Why A 1993 Academy-Award-Winning Short Film Is Exactly What We Need Right Now
In a cultural climate so fraught with tension and divisiveness, there perhaps has never been more need for artists, and creative works, that continue to push the envelope, expose hypocrisy and lies, a
Away from all of this though, and away from the immediate spotlight, sits a “little” short film over twenty years old, directed by a German filmmaker (Pepe Danquart) with as much to say on race in America as anyone right now…
Though Schwarzfahrer (or Black Rider) wasn’t forgotten back in the early 1990s, when it won the Oscar for Best Short. At the time it was heralded for its wit and its depth regarding the absurdity of bigotry and racism…and so it should still be heralded now.
The German title itself is a play on words (meaning both “black rider” and “fare-dodger”), which plays a major part in the film’s ironic and satisfying twist ending. Though this ultimately is not the only way the film uses multiple layers of meaning.
Black Rider first takes its time to establish itself in its then-modern day Germany, showing the diverse crowds of people that now populate the city. Yet, even in this vivacious, youthful city, there is peril… The opening montage shows us places that should be uniting people (escalators, streets and buses), but only seem to be dividing or isolating them.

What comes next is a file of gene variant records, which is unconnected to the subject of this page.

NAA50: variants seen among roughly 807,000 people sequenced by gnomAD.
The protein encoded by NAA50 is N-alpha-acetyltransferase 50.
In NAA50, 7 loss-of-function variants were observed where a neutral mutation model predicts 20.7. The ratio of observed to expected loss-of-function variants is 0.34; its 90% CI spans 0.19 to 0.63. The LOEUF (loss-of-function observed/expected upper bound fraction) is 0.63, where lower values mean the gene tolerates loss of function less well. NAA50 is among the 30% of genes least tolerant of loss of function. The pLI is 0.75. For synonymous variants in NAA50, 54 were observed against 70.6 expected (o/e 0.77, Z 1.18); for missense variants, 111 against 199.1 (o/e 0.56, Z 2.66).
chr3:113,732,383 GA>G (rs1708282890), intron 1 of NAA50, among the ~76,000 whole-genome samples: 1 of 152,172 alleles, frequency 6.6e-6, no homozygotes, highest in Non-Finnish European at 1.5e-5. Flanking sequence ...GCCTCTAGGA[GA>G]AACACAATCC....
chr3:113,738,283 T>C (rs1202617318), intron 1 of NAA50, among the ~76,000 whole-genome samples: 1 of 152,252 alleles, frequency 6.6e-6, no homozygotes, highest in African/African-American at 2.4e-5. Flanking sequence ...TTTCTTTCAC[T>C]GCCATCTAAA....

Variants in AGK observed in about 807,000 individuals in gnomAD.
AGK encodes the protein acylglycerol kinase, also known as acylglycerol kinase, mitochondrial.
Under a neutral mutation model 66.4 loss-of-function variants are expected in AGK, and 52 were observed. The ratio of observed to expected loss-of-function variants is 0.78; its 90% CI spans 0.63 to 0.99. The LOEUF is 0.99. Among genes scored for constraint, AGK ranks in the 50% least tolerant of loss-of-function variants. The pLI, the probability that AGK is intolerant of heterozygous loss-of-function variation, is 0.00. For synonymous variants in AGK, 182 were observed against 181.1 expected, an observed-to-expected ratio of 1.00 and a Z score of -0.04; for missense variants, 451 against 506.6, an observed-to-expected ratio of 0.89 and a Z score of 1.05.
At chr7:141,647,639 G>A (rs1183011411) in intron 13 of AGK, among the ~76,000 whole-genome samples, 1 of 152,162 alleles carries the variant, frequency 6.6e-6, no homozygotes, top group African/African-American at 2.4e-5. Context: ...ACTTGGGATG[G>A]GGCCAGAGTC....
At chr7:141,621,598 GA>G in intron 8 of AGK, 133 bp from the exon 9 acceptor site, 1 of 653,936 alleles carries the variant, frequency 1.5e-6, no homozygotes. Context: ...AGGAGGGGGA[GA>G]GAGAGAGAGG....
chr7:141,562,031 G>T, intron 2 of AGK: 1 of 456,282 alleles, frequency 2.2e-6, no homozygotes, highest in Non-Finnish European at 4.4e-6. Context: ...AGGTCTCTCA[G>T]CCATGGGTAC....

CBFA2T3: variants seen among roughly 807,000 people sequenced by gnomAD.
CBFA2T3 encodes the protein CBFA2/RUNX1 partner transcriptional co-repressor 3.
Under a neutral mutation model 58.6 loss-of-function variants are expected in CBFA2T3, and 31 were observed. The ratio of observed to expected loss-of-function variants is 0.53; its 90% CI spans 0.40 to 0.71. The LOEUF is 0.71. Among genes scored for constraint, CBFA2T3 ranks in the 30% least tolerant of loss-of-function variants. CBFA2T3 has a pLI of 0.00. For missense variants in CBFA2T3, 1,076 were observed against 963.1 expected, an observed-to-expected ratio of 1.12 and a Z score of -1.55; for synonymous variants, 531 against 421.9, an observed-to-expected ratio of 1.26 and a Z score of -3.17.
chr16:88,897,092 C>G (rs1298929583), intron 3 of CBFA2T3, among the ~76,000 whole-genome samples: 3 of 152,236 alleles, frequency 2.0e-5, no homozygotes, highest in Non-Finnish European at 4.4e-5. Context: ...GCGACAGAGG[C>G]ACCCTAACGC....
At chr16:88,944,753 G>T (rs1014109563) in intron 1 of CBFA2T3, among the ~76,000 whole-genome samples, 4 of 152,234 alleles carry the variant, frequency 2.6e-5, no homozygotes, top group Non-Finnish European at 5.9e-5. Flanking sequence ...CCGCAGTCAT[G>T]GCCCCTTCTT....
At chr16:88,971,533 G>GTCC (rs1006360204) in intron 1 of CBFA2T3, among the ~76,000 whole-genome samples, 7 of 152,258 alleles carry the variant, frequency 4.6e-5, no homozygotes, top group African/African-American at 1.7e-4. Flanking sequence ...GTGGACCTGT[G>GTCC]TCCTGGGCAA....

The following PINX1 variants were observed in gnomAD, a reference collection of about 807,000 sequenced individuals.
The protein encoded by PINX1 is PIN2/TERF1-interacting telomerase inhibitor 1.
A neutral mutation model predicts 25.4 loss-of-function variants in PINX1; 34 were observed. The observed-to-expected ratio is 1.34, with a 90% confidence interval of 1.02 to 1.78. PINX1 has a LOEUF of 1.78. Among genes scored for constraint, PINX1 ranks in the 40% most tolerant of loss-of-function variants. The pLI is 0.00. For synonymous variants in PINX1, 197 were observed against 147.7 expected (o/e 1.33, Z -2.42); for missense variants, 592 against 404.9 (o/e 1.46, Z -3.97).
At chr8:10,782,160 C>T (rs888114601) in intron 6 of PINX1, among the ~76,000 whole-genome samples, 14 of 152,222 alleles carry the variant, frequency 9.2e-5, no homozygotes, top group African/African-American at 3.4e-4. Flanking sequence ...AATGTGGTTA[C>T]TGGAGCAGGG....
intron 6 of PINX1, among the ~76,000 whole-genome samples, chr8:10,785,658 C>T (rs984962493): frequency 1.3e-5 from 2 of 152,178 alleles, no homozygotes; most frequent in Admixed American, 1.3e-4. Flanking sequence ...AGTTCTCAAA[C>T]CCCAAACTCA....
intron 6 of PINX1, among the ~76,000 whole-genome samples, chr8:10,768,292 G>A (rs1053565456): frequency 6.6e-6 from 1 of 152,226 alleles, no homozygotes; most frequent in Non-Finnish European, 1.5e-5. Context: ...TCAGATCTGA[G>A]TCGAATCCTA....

This visual motif gets thematic backing when the film’s bus of humanity (it is a bus literally filled with all different ages, stages and races of people) starts to turn fractured and paranoiac at the racist woman’s insistent epithets against the young black man occupying the seat next to her.
As if in the sort of peaceful defiance preached by Rev. Martin Luther King, the young black man chews quietly, never speaks and refuses to betray any sense of wild or uncontrollable emotion.
His response to the racism, aligned with the other members of the bus having quite uncomfortable reactions to the woman’s overt and hostile attitudes, lead to a climax which ultimately results in her being removed from the bus and left to face an existential void; according to the film’s visual and thematic logic, to be away from the bus is to be separate, and something other, than humanity.
So when the racist woman utters that phrase too-often used in support of bigotry and manipulation today (“Before long, we won’t know what country we’re living in”) she is unaware of the film’s ultimate irony: she already doesn’t know (and perhaps has never known) what country she is living in.
The real Germany she was living in (just as the real 2018 America we are living in) is a flowing, abundant and ever-changing nation full of all ages, races and types of people.
If it takes a 12-minute short film to remind us that diversity and inclusivity are always the true reality of any country striving for peace and justice, then all the better.